Five Colts Named To Pro Football Focus' Top 101 NFL Players Of 2019

This week, Pro Football Focus released its list of the top 101 players from the 2019 season, and five Indianapolis Colts players made the list.


INDIANAPOLIS — The Indianapolis Colts in 2019 had several individual players who stepped up in a big way, whether in the form of dependable veterans or young players who are still ascending to the top of their game.

This week, Pro Football Focus released its list of the top 101 NFL players for the 2019 season, and it singled out five players from the Colts who made a significant impact throughout the season.

"The 101 is our chance to acknowledge and praise the best players from the 2019 season one last time before we all look ahead to assembling rosters for the upcoming year," PFF said. "This list is based solely on 2019 play. Nothing that happened in previous years or may happen in the future is accounted for. This isn't about class or talent; it's about performance throughout the 2019 NFL season.

"This list is created with an 'all positions are created equal' mantra. So, you won't see 32 quarterbacks heading the list — even though that is the game's most valuable position. Instead, we take a look at how guys played relative to what is expected from their position," PFF wrote as it continued explaining the criteria for making their list. "Unlike PFF's awards, the 101 factors in the postseason, so some players who won PFF awards may find themselves jumped in the 101 by rivals who had a playoff run worthy of a change in ranking."

Let's see what they had to say about the Colts players who made the list.


"The one offensive lineman who brings everybody together, Quenton Nelson is a force in all areas of the game and a real tone-setter for the Colts' offensive line, as intangible as that is. On a more tangible level, he didn't surrender a sack all season despite blocking for a quarterback who makes that tougher than others do, and he was the second-best run-blocking guard in the NFL, one of just two to surpass a PFF grade of 90.0 in that area. Overall, Nelson ran Brandon Brooks close for the best-grade among guards, ending the year at 91.2 overall from over 1,000 snaps of action."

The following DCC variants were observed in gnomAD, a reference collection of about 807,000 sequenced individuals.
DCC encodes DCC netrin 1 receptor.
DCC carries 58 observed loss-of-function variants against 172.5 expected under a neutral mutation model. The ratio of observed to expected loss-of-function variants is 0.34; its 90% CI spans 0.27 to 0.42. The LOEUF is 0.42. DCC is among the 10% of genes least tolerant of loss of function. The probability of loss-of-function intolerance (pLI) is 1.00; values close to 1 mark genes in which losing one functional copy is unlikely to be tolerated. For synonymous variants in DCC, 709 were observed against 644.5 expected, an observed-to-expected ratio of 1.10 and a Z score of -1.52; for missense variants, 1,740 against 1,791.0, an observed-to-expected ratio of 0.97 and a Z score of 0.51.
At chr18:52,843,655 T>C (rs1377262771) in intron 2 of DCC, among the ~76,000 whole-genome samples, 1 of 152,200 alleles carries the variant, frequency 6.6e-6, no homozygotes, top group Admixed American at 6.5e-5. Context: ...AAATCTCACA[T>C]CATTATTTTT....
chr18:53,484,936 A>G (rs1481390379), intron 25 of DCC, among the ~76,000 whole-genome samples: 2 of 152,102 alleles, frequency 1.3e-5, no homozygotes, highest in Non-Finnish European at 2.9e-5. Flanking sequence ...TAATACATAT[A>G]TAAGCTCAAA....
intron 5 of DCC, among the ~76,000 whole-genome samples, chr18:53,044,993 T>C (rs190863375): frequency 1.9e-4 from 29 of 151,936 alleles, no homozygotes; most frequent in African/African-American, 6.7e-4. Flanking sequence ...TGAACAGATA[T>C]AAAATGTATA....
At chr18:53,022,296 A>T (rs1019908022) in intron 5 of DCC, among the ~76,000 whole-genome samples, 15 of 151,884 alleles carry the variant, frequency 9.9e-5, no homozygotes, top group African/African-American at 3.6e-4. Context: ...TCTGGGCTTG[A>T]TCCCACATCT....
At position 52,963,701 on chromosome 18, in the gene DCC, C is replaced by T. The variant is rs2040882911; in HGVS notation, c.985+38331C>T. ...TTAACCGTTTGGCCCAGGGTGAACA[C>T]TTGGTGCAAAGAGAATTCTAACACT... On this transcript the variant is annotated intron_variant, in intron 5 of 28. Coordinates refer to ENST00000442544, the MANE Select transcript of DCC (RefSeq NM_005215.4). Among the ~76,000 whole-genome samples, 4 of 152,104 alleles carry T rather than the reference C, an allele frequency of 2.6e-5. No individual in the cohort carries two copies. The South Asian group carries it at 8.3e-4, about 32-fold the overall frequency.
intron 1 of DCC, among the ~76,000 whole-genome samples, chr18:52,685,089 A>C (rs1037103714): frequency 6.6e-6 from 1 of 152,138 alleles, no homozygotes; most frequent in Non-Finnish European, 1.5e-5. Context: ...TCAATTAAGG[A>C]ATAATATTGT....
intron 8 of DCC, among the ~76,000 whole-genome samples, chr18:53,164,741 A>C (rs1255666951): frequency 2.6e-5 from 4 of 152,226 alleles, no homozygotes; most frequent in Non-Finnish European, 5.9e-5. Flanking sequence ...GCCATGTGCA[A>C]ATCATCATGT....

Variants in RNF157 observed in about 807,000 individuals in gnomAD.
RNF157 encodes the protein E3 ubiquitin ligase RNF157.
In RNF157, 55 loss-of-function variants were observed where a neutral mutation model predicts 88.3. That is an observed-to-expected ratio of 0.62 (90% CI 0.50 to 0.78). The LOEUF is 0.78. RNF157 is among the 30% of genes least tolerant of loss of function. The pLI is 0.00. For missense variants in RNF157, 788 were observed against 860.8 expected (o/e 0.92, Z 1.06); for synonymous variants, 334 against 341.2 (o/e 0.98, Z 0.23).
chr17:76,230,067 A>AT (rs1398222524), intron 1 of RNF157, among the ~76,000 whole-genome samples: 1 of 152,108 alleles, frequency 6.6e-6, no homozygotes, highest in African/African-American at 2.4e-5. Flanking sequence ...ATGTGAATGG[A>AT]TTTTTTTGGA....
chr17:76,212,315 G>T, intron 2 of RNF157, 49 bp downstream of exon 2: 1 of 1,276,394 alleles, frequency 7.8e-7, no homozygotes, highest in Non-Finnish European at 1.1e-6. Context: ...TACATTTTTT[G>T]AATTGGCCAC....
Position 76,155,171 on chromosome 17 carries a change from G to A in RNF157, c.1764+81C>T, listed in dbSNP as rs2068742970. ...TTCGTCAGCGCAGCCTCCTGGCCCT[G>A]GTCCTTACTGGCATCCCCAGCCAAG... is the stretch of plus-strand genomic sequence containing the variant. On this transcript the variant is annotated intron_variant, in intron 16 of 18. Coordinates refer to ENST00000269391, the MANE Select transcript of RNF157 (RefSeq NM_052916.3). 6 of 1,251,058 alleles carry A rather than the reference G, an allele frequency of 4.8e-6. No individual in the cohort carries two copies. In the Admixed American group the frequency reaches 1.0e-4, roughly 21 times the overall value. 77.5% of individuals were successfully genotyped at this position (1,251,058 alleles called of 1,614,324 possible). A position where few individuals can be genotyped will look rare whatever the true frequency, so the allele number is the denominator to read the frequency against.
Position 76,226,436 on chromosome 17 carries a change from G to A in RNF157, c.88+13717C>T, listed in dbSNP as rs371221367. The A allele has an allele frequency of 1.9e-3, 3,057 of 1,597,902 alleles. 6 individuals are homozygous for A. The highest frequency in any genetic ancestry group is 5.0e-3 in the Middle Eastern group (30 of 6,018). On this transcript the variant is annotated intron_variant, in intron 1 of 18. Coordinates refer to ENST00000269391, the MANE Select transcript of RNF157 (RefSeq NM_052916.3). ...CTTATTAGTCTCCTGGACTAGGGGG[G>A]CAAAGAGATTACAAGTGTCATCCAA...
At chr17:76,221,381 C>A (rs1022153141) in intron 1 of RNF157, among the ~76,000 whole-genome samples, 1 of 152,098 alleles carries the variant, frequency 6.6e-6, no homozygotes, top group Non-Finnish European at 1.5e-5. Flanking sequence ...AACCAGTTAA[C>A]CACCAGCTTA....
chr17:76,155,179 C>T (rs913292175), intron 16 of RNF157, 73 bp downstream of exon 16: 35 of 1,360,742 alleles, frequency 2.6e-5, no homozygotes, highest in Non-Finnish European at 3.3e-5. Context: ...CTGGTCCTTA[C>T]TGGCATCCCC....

No. 2 Guard On PFF's 101 — Nelson's 91.2 overall grade is the best of his career so far after being one of just two guards in the NFL to allow zero sacks and 20 or fewer total pressures. He was also dominant as a run blocker, as his 90.1 grade ranked third among all NFL offensive linemen. While he's a dominant, physically imposing blocker, he plays a clean game, finishing as one of just 25 full-time offensive linemen to have three or fewer penalties.


"There have been few players as consistent as Anthony Castonzo over the majority of his career. Every one of the past eight seasons has seen him end the year with an overall PFF grade somewhere between 76.0 and 85.0, and this season he ended with a grade of 81.3. He allowed three sacks and 34 total pressures but was pass blocking for a quarterback who holds the ball longer than he should at times and stresses his pass protection."

No. 6 Offensive Tackle On PFF's 101 — 2019 was the third-best season of Castonzo's nine-year career, according to PFF. While he was a mauler in the run game, he was an even better pass protector, as his 84.4 grade ranked sixth among all NFL offensive tackles. He was one of 19 offensive tackles to allow 34 or fewer total pressures, one of 12 to allow three or fewer sacks, and he was the least-penalized NFL offensive tackle with just two flags.